China has started assembly of their Moon rocket, with an unmanned orbiter scheduled to take a trip around Moon in 2007.
Speaking to the Xinhua News Agency, Luan Enjie – commander of the Chang’e 1 Lunar Orbiter “Round the Moon” project – noted the Moon rocket is being assembled and tested, with the new launch facility and mission control currently taking shape.
China, who have made it no secret that they wish to beat the United States to becoming the first humans on Mars, are throwing vast amounts of money into their exploration program. They begun Moon mission projects in 2004.
Still inexperienced, China only this year conducted their second manned space flight on Shenzhou VI. Their Moon rocket is a larger, more powerful, version of the Shenzhou, with the 2007 test flight following the same historical procedure as the Americans carried out with their Apollo program in the 1960s.
However, a projected date for a manned mission to the Moon remains locked inside the secretive nation, with officials sticking to their previous claim of ‘before 2020’ as their scheduled target. The United States is currently aiming for their second series of manned missions to the Moon in 2018.
The States has the edge on what is becoming a four-way ‘space race’ – alongside China, Russia and Japan – due to their previous Apollo experience, with their new phase of exploration incorporating much of the ground work and knowledge gained from the 1960s and early 70s, in which they undertook six manned missions to the Moon – still the only nation on Earth to land a man on the Moon.
The Chinese admit they’ve already run into problems – albeit whilst claiming they’ve now found several solutions to their technical issues.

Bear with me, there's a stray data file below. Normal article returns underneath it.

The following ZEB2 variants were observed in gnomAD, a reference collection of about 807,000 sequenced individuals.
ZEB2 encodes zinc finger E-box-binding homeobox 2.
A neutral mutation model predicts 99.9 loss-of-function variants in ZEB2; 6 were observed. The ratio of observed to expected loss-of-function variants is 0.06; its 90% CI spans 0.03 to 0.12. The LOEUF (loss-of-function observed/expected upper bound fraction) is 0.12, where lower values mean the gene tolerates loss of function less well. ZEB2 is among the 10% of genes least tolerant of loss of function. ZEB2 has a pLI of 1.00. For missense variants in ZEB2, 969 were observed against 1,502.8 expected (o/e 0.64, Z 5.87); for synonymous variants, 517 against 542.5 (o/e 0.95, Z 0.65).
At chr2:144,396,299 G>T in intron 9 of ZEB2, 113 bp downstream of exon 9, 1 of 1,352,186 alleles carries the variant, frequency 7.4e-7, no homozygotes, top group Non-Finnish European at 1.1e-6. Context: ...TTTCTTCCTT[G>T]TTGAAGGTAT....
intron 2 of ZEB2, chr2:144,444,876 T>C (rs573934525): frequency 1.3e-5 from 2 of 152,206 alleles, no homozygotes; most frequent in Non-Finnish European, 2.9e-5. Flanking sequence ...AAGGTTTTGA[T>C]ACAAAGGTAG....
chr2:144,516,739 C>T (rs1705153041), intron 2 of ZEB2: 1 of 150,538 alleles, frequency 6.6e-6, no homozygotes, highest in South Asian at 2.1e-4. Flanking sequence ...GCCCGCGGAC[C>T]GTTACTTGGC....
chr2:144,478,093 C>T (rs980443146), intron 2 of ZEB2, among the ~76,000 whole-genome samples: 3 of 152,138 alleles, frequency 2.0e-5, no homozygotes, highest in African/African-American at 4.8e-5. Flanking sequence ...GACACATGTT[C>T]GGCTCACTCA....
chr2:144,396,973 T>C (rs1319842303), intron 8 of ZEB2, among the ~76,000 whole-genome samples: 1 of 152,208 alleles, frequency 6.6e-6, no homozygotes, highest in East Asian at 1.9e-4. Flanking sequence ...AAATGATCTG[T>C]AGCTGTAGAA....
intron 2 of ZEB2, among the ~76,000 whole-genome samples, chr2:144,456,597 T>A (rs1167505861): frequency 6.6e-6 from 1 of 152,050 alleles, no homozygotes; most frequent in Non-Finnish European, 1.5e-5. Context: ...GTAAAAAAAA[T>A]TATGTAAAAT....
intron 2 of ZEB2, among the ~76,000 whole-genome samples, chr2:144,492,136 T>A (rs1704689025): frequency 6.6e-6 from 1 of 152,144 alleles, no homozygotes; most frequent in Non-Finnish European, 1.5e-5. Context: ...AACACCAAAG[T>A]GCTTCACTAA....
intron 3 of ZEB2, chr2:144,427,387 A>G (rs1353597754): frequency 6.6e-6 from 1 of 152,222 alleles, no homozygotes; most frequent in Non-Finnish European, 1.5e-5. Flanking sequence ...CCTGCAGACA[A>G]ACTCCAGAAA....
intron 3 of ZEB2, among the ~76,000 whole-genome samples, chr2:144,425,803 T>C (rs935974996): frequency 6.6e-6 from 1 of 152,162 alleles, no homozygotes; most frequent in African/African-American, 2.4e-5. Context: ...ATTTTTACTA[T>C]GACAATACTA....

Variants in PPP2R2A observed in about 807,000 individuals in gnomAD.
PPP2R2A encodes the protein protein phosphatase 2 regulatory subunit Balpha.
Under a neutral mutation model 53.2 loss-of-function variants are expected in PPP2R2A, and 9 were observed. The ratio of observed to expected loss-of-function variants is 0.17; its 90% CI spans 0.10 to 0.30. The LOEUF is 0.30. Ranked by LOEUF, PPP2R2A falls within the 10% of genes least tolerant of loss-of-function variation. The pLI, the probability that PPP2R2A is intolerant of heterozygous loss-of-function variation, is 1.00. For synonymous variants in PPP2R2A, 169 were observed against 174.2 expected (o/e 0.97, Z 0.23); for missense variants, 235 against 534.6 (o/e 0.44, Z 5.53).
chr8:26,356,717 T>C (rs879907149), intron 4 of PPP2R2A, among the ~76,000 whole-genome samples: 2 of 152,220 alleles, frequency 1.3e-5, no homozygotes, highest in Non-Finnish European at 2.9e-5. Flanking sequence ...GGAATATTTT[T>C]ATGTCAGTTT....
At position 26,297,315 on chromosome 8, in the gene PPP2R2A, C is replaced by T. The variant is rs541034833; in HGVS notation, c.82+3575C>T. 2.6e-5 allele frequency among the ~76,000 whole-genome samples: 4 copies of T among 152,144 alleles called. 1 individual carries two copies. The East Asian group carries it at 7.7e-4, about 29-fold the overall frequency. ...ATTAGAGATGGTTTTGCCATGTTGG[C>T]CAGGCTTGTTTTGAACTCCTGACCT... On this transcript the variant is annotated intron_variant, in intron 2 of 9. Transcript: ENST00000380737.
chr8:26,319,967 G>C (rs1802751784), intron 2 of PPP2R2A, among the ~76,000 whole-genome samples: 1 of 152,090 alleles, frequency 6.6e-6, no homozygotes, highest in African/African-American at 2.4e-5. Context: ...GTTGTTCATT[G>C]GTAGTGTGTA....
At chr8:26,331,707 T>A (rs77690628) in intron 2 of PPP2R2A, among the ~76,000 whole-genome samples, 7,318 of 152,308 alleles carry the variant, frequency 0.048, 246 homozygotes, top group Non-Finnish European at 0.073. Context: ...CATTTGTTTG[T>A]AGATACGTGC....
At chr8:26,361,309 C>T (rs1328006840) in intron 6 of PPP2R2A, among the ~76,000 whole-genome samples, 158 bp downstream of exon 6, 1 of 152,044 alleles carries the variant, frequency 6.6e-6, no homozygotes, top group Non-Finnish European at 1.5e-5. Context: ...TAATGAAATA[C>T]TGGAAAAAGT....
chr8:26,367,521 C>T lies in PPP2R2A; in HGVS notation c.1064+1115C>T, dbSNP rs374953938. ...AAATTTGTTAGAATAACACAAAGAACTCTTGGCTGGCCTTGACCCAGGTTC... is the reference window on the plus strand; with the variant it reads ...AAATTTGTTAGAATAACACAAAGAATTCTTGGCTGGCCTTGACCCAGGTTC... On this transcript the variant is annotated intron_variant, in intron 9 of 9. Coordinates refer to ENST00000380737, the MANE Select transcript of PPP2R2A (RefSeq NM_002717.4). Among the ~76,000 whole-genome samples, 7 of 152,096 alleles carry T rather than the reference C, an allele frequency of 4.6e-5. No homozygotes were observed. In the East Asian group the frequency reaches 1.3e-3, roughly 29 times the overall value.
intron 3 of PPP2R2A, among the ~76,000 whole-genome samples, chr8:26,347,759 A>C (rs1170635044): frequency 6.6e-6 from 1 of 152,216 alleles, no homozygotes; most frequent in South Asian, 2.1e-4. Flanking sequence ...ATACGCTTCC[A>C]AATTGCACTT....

‘Our technical staff have solved many crucial technical problems by attacking technological focal points, assembling systems and conducting a range of experiments,’ an official was quoted by Xinhua.
One United Space Alliance engineer, who worked on the Apollo project, believes China is blowing ‘hot air’ over their ambitions, using the project as ‘propaganda’ for its people, as the country advances its commerical power on the world’s marketplace.
‘If they think they can advance from their first man in space in 2003 – and to date just two manned space flights – to a manned mission to the Moon that competes with the planned US timeline, then they are in for some surprises,’ the engineer – who asked not to be named in this article – said.
‘The United States pumped hundreds of billions of dollars into our Apollo project – and that was back in the 60s. Add in the good fortune we had with the Saturn V, the brilliance of thousands of engineers and scientists, plus the pure bravery of the astronauts, well it’s my opinion that China is trying to create a level of national pride in having ambitious targets – but that does not gain you experience and without everything coming together, and that does not gain you a manned Moon mission.’
Meanwhile, China is aiming for its third manned space flight in 2007, with a five day orbit being used to further test their Shenzhou launch system.